The retail program was designed to provide opportunities to businesses that “might not otherwise be able” to enter the airport business community, said SFO spokesperson Doug Yakel. The airport sets up spaces in Terminal 3, where shops can operate for one year at a low cost and with little construction required, since the space is move-in ready.
Yakel disputed Joiner’s claims and said, “We do feel that the program has been successful.”
Some participants have gone on to forge partnerships within the SFO business community even after their one-year lease is up, Yakel said. And the requirements of the program were specifically set so pop-up tenants have “a reasonable opportunity for success at the airport, by ensuring that they have reached a sufficient level of business activity.”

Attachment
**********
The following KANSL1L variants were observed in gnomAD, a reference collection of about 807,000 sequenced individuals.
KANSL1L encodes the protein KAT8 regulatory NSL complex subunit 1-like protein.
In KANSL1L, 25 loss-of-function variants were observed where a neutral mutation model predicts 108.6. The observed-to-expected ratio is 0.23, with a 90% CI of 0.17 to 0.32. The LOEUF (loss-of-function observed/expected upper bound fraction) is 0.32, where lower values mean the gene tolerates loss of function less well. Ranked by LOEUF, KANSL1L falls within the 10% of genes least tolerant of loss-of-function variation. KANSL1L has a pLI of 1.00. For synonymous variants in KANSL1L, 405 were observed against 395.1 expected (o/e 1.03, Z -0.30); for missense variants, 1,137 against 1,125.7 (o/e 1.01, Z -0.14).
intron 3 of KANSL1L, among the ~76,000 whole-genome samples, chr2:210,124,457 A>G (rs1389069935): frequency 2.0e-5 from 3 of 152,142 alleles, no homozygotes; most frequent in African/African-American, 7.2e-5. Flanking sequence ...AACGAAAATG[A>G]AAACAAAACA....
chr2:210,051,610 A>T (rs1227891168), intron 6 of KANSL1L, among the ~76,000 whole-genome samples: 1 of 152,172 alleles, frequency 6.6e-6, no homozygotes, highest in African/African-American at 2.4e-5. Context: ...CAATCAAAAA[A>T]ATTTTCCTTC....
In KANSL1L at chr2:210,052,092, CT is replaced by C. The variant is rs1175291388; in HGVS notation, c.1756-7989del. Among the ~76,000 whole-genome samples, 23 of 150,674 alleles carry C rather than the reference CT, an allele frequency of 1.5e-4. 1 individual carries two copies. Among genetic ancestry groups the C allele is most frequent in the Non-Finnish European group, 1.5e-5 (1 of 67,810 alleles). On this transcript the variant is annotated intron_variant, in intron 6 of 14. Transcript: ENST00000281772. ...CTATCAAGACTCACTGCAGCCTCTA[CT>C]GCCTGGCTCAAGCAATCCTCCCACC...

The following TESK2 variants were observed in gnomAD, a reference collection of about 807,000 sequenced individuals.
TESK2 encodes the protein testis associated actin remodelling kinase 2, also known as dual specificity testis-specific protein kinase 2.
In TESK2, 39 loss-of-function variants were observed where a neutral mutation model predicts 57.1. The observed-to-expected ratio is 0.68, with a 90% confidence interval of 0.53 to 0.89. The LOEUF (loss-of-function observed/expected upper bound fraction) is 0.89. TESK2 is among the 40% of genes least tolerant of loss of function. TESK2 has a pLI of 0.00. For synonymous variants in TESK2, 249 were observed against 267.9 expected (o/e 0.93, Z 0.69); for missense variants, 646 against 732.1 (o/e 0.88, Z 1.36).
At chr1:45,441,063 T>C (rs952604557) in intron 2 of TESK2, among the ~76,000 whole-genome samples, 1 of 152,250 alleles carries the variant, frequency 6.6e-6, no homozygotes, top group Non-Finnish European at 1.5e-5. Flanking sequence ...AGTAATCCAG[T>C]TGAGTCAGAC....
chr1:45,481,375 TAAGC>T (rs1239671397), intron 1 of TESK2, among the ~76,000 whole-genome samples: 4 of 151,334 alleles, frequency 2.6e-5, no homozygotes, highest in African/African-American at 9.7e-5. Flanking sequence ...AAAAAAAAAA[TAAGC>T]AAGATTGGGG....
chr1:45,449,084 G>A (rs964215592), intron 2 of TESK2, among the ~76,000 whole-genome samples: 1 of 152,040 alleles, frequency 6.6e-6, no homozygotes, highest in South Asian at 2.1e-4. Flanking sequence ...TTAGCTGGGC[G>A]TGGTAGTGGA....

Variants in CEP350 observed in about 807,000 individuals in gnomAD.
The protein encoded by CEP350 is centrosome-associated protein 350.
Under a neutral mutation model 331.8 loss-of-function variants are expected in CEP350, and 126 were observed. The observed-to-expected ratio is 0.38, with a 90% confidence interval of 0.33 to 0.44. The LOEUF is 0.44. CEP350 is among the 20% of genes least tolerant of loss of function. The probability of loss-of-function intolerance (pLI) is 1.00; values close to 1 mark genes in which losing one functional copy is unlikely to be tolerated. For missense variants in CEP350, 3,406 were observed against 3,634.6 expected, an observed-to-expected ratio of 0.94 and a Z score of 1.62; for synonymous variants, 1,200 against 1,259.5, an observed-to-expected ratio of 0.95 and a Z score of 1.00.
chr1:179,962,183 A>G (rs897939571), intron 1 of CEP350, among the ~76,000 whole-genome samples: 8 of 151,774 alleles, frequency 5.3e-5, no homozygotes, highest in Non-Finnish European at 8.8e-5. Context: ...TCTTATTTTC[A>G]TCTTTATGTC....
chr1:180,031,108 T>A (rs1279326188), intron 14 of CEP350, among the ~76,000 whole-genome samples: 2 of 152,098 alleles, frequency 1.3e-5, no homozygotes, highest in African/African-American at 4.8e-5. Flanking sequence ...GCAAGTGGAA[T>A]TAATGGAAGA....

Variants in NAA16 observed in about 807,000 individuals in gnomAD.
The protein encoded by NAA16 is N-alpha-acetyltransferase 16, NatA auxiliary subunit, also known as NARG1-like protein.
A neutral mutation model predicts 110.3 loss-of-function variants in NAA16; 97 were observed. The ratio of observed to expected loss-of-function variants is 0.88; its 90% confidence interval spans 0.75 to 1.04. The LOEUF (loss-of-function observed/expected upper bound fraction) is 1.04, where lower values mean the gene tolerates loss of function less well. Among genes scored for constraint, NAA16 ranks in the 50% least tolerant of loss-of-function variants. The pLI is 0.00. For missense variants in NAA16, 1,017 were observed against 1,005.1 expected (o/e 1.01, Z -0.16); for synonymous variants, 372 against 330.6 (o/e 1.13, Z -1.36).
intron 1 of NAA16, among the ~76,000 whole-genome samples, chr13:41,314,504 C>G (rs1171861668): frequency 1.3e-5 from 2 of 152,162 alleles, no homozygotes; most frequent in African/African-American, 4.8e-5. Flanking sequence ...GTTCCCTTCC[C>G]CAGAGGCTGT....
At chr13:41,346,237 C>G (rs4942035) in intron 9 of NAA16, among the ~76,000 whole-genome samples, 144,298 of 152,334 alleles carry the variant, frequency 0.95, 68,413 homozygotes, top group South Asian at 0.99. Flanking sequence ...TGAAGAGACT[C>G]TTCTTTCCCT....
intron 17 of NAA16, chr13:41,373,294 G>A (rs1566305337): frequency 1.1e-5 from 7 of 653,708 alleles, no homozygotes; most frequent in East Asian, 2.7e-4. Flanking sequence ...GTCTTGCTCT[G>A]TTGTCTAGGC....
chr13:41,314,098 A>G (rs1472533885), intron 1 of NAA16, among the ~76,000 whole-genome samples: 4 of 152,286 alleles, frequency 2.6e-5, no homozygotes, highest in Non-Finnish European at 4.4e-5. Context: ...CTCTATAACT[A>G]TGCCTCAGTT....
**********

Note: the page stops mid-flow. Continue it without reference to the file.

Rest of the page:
The deadline to apply for the program was Feb. 14. The shops selected for the contract are scheduled to be announced March 20, according to SFO bidding documents.
Of those shops whose applications were rejected from the program, Yakel said, “In all cases, this was a result of not meeting all the requirements outlined in the [Request for Proposals].”
Those requirements include a base revenue of $250,000 annually for brick-and-mortar stores.
In past iterations of the program, the airport awarded the contract to businesses making much more than that amount: San Francycle reported $600,000 in gross sales in its application to SFO; the Exploratorium Museum Store reported $585,000 in gross sales in its application; and NYS Collection Eyewear, a locally owned franchise from an international chain, reported $660,743 in gross sales in its application, according to public records obtained by the San Francisco Examiner.